PADDOCK TREES

I was lucky enough this year to get a small grant to put in thirty paddock trees through Yass Landcare and the Yass Local Land Services. 

The huge remnant paddock trees we have are both impressive and essential, for wildlife to move around, as well as for sheep to have shelter and shade.  Many of them are hundreds of years old.  There are very few young ones because the sheep graze them off.

 On the Adnamira farm, a huge number were cleared in 1947 to be used as wooden fence strainer-posts before the land was sold to a returned World War 2 soldier.  Infuriatingly, those fenceposts were never used.  They sat out behind the Jeir Station shed and were eaten by termites. 

What a waste.

On the Esdale farm side, trees on the hills were ring-barked in the 1920s and left as a crowd of standing white ghosts for many decades.  Now those ghosts have mostly rotted away, been taken for firewood, or burned out in case they were harbouring rabbits, leaving just small dips in the ground to indicate where each tree once was. 

The thought was that the trees reduced the amount of grass for the sheep to graze. 

Now it’s clear that you actually get more grass growth on sheltered land, where the constant wind doesn’t dry the ground as much.   And the animals appreciate the summer shade and winter wind protection.

Also, the remaining trees are dying.  Some are probably just old and reaching the end of their lives, which could be up to 500 years.   Others, especially red stringybark (eucalyptus macrorhyncha) are sensitive to the super phosphate which has been being spread on the grass for the last fifty years, and are slowly dying from that.   The signs of stress show in the “shrunken crowns” of our remaining paddock trees, and in the bare branches and stumps of the dead ones.

Even fifty years ago, it was clear that more shade trees were needed, just for the sheep.  The wildlife wasn’t really considered.

The supposedly easy plan was to replace the dead trees with new young ones, out in the paddocks. 

Unfortunately, that didn’t work well.    There are sad, rusty tree cages all over Adnamira as testament to that lack of success.   

It turns out that trees don’t much like growing by themselves.  That could be due to their need for beneficial fungi that come from other trees.  Or it could be the need for small birds, which remove insects as food, thus protecting the trees.  Those small birds need shrubs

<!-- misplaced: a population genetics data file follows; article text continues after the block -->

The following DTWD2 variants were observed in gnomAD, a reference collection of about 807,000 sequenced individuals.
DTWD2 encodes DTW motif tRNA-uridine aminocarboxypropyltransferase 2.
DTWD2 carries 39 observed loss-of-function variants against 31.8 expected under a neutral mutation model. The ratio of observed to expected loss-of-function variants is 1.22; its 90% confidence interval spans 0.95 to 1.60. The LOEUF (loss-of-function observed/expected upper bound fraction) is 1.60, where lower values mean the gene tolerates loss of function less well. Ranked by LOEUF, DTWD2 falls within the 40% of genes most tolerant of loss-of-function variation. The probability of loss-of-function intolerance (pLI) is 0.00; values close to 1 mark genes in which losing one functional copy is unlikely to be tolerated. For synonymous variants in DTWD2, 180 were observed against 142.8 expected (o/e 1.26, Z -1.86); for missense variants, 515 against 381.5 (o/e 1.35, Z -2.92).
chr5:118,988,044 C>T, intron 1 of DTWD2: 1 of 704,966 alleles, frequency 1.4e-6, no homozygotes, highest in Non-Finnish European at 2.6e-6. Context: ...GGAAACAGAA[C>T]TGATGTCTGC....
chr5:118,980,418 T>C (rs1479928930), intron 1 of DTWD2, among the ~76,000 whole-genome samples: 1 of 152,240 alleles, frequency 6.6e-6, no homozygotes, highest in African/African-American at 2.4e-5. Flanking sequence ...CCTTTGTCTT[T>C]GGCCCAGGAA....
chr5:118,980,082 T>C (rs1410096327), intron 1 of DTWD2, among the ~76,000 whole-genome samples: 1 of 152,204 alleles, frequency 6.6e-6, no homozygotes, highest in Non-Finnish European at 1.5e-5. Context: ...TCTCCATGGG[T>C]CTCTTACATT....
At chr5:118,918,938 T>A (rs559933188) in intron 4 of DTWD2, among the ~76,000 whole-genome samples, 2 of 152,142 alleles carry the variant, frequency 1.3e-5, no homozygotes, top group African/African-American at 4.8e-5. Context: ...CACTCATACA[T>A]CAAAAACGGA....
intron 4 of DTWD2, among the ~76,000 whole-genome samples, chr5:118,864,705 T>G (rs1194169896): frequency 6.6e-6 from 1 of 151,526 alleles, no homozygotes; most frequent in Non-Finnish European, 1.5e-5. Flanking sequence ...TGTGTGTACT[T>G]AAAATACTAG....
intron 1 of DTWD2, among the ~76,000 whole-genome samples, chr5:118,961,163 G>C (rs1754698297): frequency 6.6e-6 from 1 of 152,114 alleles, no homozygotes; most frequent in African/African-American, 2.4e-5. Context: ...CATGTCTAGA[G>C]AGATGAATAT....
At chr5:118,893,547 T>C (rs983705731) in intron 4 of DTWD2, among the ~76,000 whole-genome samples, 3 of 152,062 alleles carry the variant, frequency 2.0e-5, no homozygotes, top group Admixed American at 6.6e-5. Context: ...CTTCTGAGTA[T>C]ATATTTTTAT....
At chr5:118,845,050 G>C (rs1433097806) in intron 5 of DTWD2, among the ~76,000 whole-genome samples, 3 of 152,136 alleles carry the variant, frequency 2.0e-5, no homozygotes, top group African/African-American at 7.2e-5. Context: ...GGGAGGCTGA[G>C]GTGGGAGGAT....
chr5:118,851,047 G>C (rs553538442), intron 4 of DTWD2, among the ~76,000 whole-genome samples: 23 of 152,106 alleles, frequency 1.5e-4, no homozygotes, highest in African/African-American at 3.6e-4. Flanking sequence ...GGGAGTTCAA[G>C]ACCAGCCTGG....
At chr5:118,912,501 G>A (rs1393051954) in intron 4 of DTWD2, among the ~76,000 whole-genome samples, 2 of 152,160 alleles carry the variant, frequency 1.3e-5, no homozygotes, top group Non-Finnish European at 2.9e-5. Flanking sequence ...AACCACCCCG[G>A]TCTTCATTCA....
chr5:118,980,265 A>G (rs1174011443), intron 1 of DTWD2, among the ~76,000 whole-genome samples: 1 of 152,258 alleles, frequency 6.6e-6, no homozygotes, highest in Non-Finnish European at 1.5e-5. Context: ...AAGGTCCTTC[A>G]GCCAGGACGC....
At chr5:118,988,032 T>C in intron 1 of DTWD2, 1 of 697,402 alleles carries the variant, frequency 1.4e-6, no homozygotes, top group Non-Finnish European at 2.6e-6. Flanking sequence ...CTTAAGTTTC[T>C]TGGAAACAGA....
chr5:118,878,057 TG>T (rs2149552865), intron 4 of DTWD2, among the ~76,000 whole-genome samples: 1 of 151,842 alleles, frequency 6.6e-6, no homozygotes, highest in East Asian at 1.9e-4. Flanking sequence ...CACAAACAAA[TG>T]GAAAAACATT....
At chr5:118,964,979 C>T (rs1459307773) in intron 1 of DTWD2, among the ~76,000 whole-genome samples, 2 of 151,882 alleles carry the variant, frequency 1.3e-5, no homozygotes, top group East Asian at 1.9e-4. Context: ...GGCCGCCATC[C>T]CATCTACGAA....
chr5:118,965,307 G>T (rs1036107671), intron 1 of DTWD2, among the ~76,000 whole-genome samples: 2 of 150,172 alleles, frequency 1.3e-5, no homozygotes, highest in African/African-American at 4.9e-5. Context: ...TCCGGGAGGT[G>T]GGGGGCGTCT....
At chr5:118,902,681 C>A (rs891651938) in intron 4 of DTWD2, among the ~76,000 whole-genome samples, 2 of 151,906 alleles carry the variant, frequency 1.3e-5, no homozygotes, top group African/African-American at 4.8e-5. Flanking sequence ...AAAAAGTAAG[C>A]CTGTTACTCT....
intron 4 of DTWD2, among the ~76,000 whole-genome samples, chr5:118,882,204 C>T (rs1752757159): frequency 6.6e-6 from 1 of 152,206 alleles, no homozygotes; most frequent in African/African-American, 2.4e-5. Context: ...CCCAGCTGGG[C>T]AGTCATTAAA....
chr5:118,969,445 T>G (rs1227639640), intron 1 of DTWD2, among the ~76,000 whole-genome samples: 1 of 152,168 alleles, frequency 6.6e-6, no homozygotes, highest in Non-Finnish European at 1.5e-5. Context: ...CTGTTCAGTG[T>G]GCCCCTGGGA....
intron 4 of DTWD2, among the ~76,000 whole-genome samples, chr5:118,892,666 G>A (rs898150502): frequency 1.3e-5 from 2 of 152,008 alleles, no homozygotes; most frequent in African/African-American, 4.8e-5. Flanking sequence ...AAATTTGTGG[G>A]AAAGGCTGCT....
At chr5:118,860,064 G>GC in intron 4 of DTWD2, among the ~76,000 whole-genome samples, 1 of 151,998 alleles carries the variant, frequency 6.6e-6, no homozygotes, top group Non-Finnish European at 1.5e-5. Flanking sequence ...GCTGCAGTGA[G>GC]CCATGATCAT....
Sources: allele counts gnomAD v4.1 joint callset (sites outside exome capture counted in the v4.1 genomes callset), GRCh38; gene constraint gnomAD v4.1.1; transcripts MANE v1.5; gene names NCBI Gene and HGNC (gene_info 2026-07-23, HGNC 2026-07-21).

According to Bill Gammage, the Aboriginal method was to create a shifting mosaic of tree cover, allowing new young eucalypts to grow up sheltered by shrubs and other trees.  Then they used fire to remove the shrubs and leave the trees standing among tasty grass suitable to hunt kangaroos. 

We can’t use those methods, because of fire restrictions, and because of fences and land boundaries. 

Thus, I’ve mostly worked on setting up some larger areas of mixed trees and shrubs, then long windbreaks, and 20m square stepping stones for wildlife. 

For paddock tree replacement, I had the idea to use stock mesh to create “little triangles”, just big enough for three to five plants – 1-2 trees and 3 shrubs – in each one.  These are placed thirty to fifty metres apart in small-bird flitting distance from the larger enclosures. 

The hope is that the shrubs will provide nursery services for the new paddock trees, and the enclosures can be moved on to a new location when they are sufficiently grown.  So far, only one clump has grown so much that I could remove the mesh. That was the river red gums at the swimming hole, which have grown spectacularly.  Removing the mesh was a challenge because they’d been flooded so many times in the past couple of years that they’d been partially buried in sand. 

Most of the others don’t seem ready for the naked treatment.  The shrubs would definitely not persist to another generation even if they survived sheep nibbling.